Siemens starts testing wind turbine with world’s largest rotor

8 Oct 20129 Shares

Share on FacebookTweet about this on TwitterShare on LinkedInShare on Google+Pin on PinterestShare on RedditEmail this to someone

The rotor, weighing around 25 tonnes, is lifted by cranes to the top of the wind turbine tower. Image via Siemens

Share on FacebookTweet about this on TwitterShare on LinkedInShare on Google+Pin on PinterestShare on RedditEmail this to someone

Siemens has started field testing its new 6MW offshore wind turbine in Østerild, Denmark. The direct-drive wind turbine is equipped with the world’s longest rotor blades – each measuring 75 metres in length – and has a rotor diameter of 154 metres.

Once they go into commercial production, Siemens claims each 6MW offshore wind turbine will be able to produce 25m kilowatt hours of electricity – enough to supply 6,000 homes. The company is anticipating that the turbine will become "the new benchmark" in the offshore wind industry.

"The start of field testing of the 154-metre rotor for the 6MW [turbine] is an exciting step in the development of competitive technologies for the large offshore wind farms of the future," said Henrik Stiesdal, chief technology officer of the wind power division within Siemens Energy.

The Siemens rotor, which consists of three 75-metre rotor blades and has a diameter of 154 metres, pictured being assembled on the ground at the Østerild test centre in Denmark. Image via Siemens

The Siemens rotor, which consists of three 75-metre rotor blades and has a diameter of 154 metres, is assembled on the ground at the Østerild test centre in Denmark. Image via Siemens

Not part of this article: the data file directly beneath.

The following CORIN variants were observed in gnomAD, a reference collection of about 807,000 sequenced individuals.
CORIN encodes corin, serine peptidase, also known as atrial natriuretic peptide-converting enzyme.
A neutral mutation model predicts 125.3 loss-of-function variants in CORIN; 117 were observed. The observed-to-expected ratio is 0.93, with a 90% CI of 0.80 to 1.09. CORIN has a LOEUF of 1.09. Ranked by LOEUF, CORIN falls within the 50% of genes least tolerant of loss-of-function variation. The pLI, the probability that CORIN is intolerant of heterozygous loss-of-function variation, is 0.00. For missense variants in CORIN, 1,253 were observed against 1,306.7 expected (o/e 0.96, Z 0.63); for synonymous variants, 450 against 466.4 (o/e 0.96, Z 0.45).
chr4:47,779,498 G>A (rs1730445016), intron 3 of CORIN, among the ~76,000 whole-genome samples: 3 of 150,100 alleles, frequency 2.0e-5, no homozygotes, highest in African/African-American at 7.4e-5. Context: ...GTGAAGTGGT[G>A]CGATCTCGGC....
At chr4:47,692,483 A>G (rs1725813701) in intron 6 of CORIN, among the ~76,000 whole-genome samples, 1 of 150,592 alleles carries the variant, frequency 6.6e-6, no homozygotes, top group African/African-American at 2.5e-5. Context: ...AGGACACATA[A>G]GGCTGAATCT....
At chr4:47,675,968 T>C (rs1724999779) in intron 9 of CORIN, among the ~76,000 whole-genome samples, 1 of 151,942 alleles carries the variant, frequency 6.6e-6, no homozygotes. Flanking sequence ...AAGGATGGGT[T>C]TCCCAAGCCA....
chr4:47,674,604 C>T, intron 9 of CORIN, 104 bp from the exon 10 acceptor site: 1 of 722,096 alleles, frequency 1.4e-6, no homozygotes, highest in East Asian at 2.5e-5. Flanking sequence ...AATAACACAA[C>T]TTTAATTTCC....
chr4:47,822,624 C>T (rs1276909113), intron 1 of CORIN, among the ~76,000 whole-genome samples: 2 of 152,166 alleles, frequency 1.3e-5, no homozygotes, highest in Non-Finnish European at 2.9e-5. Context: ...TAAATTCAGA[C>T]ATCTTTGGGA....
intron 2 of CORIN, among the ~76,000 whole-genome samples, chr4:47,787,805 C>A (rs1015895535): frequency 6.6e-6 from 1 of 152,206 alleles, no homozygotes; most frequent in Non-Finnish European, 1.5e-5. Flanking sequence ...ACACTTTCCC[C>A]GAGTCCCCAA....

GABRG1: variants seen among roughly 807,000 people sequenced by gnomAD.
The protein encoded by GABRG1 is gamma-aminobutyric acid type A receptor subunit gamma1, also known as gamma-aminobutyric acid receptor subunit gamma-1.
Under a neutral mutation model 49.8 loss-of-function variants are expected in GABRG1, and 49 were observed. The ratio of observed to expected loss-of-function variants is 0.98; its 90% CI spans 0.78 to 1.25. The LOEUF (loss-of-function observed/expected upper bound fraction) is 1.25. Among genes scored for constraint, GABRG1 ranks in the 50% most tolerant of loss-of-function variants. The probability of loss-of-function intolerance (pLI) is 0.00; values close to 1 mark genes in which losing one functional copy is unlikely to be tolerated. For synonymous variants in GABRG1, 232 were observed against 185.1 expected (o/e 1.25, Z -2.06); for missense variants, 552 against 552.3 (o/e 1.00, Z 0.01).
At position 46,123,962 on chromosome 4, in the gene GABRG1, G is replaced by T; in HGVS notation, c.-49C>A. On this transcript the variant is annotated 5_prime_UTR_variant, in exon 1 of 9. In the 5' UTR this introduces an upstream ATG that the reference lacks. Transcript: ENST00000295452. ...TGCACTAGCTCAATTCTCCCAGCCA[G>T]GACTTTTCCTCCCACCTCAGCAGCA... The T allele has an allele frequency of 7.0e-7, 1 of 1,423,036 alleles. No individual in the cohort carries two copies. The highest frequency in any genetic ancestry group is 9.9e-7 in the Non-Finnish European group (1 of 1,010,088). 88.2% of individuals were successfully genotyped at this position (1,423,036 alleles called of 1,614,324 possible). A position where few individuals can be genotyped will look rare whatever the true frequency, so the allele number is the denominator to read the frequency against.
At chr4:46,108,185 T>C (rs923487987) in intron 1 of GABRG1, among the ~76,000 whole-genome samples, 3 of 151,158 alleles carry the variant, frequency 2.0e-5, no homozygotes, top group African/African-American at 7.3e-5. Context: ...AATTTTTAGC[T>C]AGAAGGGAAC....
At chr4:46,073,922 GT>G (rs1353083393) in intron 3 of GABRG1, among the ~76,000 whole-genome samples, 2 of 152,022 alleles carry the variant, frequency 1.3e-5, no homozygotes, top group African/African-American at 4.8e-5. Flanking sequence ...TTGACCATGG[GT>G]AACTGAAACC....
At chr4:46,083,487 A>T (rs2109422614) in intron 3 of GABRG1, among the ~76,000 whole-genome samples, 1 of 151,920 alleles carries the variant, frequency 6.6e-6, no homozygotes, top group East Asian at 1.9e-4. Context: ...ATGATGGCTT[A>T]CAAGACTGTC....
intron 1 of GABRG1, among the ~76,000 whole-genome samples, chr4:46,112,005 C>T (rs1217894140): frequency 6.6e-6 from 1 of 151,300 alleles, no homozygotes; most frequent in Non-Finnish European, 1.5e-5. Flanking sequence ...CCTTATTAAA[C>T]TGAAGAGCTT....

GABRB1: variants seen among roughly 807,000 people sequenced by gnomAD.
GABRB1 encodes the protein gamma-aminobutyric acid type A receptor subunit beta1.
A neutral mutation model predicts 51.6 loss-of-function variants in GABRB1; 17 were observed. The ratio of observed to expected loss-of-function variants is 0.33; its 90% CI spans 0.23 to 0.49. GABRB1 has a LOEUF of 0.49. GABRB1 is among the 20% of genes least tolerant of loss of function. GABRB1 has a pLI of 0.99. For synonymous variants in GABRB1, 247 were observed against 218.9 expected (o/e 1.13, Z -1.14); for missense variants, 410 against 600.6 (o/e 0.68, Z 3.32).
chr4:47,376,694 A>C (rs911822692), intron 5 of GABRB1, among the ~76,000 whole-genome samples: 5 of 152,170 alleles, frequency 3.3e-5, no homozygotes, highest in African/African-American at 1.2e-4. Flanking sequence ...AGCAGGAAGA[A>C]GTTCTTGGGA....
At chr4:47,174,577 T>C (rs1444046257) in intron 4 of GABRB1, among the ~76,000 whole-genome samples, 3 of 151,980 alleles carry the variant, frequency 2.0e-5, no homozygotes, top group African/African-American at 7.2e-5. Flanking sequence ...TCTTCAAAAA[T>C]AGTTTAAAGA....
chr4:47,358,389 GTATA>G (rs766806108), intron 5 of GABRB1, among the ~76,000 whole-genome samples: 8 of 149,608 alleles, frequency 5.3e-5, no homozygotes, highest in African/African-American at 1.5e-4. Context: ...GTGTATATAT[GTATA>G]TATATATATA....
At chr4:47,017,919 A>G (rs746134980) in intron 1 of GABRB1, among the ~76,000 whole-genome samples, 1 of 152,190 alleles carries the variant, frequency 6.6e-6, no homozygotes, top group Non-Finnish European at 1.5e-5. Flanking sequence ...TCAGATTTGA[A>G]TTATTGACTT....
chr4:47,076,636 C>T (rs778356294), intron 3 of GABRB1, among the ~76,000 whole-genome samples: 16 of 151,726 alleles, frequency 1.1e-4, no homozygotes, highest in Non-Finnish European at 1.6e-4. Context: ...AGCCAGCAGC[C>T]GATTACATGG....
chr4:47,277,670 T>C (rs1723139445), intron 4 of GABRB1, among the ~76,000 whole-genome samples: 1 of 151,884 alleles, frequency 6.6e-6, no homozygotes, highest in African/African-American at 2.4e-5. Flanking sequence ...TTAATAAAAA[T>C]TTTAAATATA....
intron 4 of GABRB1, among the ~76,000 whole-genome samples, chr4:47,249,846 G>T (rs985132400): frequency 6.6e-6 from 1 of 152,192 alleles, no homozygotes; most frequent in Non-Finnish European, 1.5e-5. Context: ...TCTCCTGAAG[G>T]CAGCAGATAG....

According to the company, the 6MW turbine will be the lightest turbine in its class, weighing 200 tonnes. The turbine has been developed specifically for demanding conditions in offshore locations.

"The new 6MW turbine is a milestone in wind energy technology," said Stiesdal.

He said the company’s first 30-kilowatt turbine, developed 30 years ago, had blades that were five metres long. Meanwhile, the company said its latest 75-metre rotor blades compare in length to that of an Airbus 380 plane.

The 154-metre rotor was mounted on the 6MW turbine at the new national test centre at Østerild, Denmark, via cranes. The turbine began operating on 6 October.

Siemens is claiming the rotor will have a swept area of 18,600 metres – almost the equivalent of two and a half football pitches.

66

DAYS

4

HOURS

26

MINUTES

Buy your tickets now!

Carmel was a long-time reporter with Siliconrepublic.com

editorial@siliconrepublic.com